One by one, doors opened for Bennett in California. She found a job at a salon near her home. A client, moved by her story, decided to give Bennett her car. While on a routine trip to MAC Cosmetics to replenish her makeup supply, Bennett was recruited to work as a freelancer for the company. These instances proved the stirring in her soul she’d felt in Atlanta was spot-on; there was indeed more for her.
“I was so fulfilled,” Bennett gushes. “I was in my element. I had hair clients coming to the MAC counter to get makeup and makeup clients coming to the salon to get hair. Next thing you know, I was busy. I truly enjoyed it.”

MAC Cosmetics was impressed with the work the booked and busy artist was doing for the company. So much so that they sent her on her first celebrity gig, an assignment with the pop group Danity Kane. That job, Bennett says, was the launching pad for her career.

Now, at the time of this article’s writing, Bennett has been in business for 22 years. During this time, she has done makeup and hair for celebrities, private clients, and on photo sets, including about nine years’ worth of fashion shoots for BayouLife. She stays busy and is always on the move, traveling all over the world to work. Surprisingly, she says most of her opportunities come from word-of-mouth referrals.
“I don’t even own business cards, and I don’t have a website,” she says.

However, what she does have is a passion for her work and a desire to serve everyone she encounters well.

“I have a mentality of treating people the way I want to be treated or the way I’d want my grandma or mom to be treated,” she explains. “That’s what gives me joy: being able to be of service to a stranger and [have] them leave my presence feeling like they had a great experience. Whether you’re well-known and famous or a stay-at-home mom, you’re going to get the same treatment. That’s really important to me.”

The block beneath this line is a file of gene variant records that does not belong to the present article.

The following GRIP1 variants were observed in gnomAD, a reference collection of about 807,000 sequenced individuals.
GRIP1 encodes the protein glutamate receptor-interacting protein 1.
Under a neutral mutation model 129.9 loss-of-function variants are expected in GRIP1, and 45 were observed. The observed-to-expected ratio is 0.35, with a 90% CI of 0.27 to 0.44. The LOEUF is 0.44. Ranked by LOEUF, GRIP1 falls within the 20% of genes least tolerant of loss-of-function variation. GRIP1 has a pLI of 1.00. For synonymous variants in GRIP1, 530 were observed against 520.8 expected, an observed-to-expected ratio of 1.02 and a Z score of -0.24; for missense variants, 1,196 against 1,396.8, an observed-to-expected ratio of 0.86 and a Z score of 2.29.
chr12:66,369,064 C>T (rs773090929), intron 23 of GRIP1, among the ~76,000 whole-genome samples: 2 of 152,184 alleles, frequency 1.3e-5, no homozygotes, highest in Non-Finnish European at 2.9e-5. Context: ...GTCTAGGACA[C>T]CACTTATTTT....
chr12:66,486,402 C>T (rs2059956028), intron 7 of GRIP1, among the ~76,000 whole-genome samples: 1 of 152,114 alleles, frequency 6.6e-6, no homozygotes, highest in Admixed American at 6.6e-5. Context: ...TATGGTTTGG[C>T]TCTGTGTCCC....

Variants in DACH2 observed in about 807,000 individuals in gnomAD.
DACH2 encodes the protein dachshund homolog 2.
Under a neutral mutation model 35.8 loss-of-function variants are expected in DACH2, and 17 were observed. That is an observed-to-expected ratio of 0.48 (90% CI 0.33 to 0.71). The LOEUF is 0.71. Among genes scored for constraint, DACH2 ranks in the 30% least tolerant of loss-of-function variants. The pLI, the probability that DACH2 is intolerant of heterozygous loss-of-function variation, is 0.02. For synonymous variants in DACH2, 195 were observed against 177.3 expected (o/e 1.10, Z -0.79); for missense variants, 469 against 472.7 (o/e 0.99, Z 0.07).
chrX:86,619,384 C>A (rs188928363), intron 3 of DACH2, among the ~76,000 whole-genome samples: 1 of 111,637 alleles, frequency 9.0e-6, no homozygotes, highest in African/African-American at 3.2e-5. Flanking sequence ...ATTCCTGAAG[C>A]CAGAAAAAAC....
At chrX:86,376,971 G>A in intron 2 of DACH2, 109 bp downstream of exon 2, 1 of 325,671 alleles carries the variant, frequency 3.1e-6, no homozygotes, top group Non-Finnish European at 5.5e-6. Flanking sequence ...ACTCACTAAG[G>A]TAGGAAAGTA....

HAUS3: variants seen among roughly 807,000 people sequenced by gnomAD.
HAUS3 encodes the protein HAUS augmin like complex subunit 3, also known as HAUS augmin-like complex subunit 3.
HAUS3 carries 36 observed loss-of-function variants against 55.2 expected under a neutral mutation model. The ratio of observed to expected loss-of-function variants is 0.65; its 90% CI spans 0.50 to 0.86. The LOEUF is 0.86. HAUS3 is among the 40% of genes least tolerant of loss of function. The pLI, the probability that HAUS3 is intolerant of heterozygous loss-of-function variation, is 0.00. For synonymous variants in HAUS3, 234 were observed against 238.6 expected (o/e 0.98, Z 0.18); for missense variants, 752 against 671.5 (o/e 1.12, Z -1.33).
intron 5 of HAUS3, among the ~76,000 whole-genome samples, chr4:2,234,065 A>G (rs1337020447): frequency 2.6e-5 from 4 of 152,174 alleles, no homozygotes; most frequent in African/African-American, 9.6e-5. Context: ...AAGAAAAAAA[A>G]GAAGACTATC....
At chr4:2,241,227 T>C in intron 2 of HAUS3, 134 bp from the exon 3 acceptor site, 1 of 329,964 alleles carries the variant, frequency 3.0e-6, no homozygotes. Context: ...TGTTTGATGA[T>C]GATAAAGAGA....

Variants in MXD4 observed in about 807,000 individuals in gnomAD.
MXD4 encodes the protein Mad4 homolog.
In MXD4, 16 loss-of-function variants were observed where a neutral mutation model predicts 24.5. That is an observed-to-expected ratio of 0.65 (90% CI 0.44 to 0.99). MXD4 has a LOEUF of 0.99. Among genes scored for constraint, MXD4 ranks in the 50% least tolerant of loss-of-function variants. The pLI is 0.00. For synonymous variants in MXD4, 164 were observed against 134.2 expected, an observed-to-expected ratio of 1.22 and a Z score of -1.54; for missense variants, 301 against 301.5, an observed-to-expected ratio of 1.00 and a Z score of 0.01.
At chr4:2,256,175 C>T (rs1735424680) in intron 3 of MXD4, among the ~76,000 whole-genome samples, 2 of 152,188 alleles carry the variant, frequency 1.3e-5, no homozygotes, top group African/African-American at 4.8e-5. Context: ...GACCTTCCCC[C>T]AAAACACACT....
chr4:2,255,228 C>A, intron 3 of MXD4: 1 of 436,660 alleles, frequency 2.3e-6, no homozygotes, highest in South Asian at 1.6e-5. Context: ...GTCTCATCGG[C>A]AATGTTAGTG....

Part of that treatment is making sure the client loves the look at the end of the process, Bennett says. The reveal — turning them to the mirror to see what she has done — is her favorite part of the process.
“I was in Arkansas for a wedding, and when I gave the bride the mirror, she looked at herself, teared up, and said, ‘Oh, my God; I’m flawless!’” she says, recalling one of her more recent gigs. “Those are my favorite words. That’s when I realize my job is done. I can go home and sleep peacefully with a smile on my face.”

For Bennett, the joy of this moment doesn’t come from knowing she changed someone’s appearance. A stellar smokey eye doesn’t indicate that she has done her job well; it’s playing a role in changing someone’s perception of themselves and boosting their confidence. That’s what Bennett loves doing, she says.

“I an honestly say I look forward to it every day,” she admits. “I look forward to meeting all these new people and leaving a lasting impression with my art.”

She listens, she explains, to what the client is saying and pays attention to how they portray themselves. That’s what helps her execute the customers’ vision, build relationships, and hold an impressively lengthy streak of satisfied clients.

Learning how to positively impact anyone who sits in her chair is just one lesson Bennett has picked up during her career, and it’s probably one she’ll share in the next phase of her professional life as she focuses more on educating other artists. Though she already teaches classes, Bennett says she sees more instruction in her future and hopes to inspire others in her industry to love their craft as much as she does.

“I feel like there needs to be more artists driven by their passion and what’s in their heart and the talent they have, not by money or being an opportunist,” she says. “I believe that when you do what you’re good at, the money and opportunity are going to come.”

The last phrase isn’t just something she believes; it’s a truth she has experienced, and her story is proof. That’s why she’s eager to share it with others.

“I want to inspire people to do what they love so [they’ll] never work a day in their life,” she says. “Everything I’m saying is true, and I live it.”